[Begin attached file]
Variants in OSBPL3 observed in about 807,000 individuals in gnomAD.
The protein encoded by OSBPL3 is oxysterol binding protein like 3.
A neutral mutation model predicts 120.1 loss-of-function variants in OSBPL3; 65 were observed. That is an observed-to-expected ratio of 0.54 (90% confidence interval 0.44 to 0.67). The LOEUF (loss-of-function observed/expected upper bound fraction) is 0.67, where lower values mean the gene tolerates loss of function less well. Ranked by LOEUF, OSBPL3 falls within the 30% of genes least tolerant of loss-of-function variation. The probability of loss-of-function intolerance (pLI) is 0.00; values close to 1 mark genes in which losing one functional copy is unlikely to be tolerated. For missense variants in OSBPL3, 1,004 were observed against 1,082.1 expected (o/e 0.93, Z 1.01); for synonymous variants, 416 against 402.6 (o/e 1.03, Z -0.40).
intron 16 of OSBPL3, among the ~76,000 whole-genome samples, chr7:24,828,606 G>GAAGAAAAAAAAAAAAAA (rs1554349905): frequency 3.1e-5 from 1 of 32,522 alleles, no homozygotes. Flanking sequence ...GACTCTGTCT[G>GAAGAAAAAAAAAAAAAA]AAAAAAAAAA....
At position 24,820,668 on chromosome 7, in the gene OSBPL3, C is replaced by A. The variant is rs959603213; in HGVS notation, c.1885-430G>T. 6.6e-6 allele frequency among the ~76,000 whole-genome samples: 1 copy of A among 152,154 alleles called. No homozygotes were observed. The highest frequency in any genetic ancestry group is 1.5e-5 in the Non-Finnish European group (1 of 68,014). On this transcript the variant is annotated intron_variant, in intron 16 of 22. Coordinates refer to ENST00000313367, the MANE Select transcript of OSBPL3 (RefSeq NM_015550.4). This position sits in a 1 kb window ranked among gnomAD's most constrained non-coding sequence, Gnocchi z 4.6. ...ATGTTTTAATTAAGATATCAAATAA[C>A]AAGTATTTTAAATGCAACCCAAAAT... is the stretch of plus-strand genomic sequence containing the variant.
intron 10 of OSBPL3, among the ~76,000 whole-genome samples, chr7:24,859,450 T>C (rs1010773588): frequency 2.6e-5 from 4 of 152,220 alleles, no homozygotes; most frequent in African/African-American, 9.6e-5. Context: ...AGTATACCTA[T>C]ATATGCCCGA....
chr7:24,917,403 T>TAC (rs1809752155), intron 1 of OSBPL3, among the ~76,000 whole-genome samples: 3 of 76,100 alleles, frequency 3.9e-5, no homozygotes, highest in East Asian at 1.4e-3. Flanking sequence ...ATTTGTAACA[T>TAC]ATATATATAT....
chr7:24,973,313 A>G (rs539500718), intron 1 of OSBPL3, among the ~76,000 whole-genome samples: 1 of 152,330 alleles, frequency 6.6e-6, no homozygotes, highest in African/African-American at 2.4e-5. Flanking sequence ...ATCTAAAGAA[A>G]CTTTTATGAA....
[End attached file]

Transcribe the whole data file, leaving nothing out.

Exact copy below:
Variants in OSBPL3 observed in about 807,000 individuals in gnomAD.
The protein encoded by OSBPL3 is oxysterol binding protein like 3.
A neutral mutation model predicts 120.1 loss-of-function variants in OSBPL3; 65 were observed. That is an observed-to-expected ratio of 0.54 (90% confidence interval 0.44 to 0.67). The LOEUF (loss-of-function observed/expected upper bound fraction) is 0.67, where lower values mean the gene tolerates loss of function less well. Ranked by LOEUF, OSBPL3 falls within the 30% of genes least tolerant of loss-of-function variation. The probability of loss-of-function intolerance (pLI) is 0.00; values close to 1 mark genes in which losing one functional copy is unlikely to be tolerated. For missense variants in OSBPL3, 1,004 were observed against 1,082.1 expected (o/e 0.93, Z 1.01); for synonymous variants, 416 against 402.6 (o/e 1.03, Z -0.40).
intron 16 of OSBPL3, among the ~76,000 whole-genome samples, chr7:24,828,606 G>GAAGAAAAAAAAAAAAAA (rs1554349905): frequency 3.1e-5 from 1 of 32,522 alleles, no homozygotes. Flanking sequence ...GACTCTGTCT[G>GAAGAAAAAAAAAAAAAA]AAAAAAAAAA....
At position 24,820,668 on chromosome 7, in the gene OSBPL3, C is replaced by A. The variant is rs959603213; in HGVS notation, c.1885-430G>T. 6.6e-6 allele frequency among the ~76,000 whole-genome samples: 1 copy of A among 152,154 alleles called. No homozygotes were observed. The highest frequency in any genetic ancestry group is 1.5e-5 in the Non-Finnish European group (1 of 68,014). On this transcript the variant is annotated intron_variant, in intron 16 of 22. Coordinates refer to ENST00000313367, the MANE Select transcript of OSBPL3 (RefSeq NM_015550.4). This position sits in a 1 kb window ranked among gnomAD's most constrained non-coding sequence, Gnocchi z 4.6. ...ATGTTTTAATTAAGATATCAAATAA[C>A]AAGTATTTTAAATGCAACCCAAAAT... is the stretch of plus-strand genomic sequence containing the variant.
intron 10 of OSBPL3, among the ~76,000 whole-genome samples, chr7:24,859,450 T>C (rs1010773588): frequency 2.6e-5 from 4 of 152,220 alleles, no homozygotes; most frequent in African/African-American, 9.6e-5. Context: ...AGTATACCTA[T>C]ATATGCCCGA....
chr7:24,917,403 T>TAC (rs1809752155), intron 1 of OSBPL3, among the ~76,000 whole-genome samples: 3 of 76,100 alleles, frequency 3.9e-5, no homozygotes, highest in East Asian at 1.4e-3. Flanking sequence ...ATTTGTAACA[T>TAC]ATATATATAT....
chr7:24,973,313 A>G (rs539500718), intron 1 of OSBPL3, among the ~76,000 whole-genome samples: 1 of 152,330 alleles, frequency 6.6e-6, no homozygotes, highest in African/African-American at 2.4e-5. Flanking sequence ...ATCTAAAGAA[A>G]CTTTTATGAA....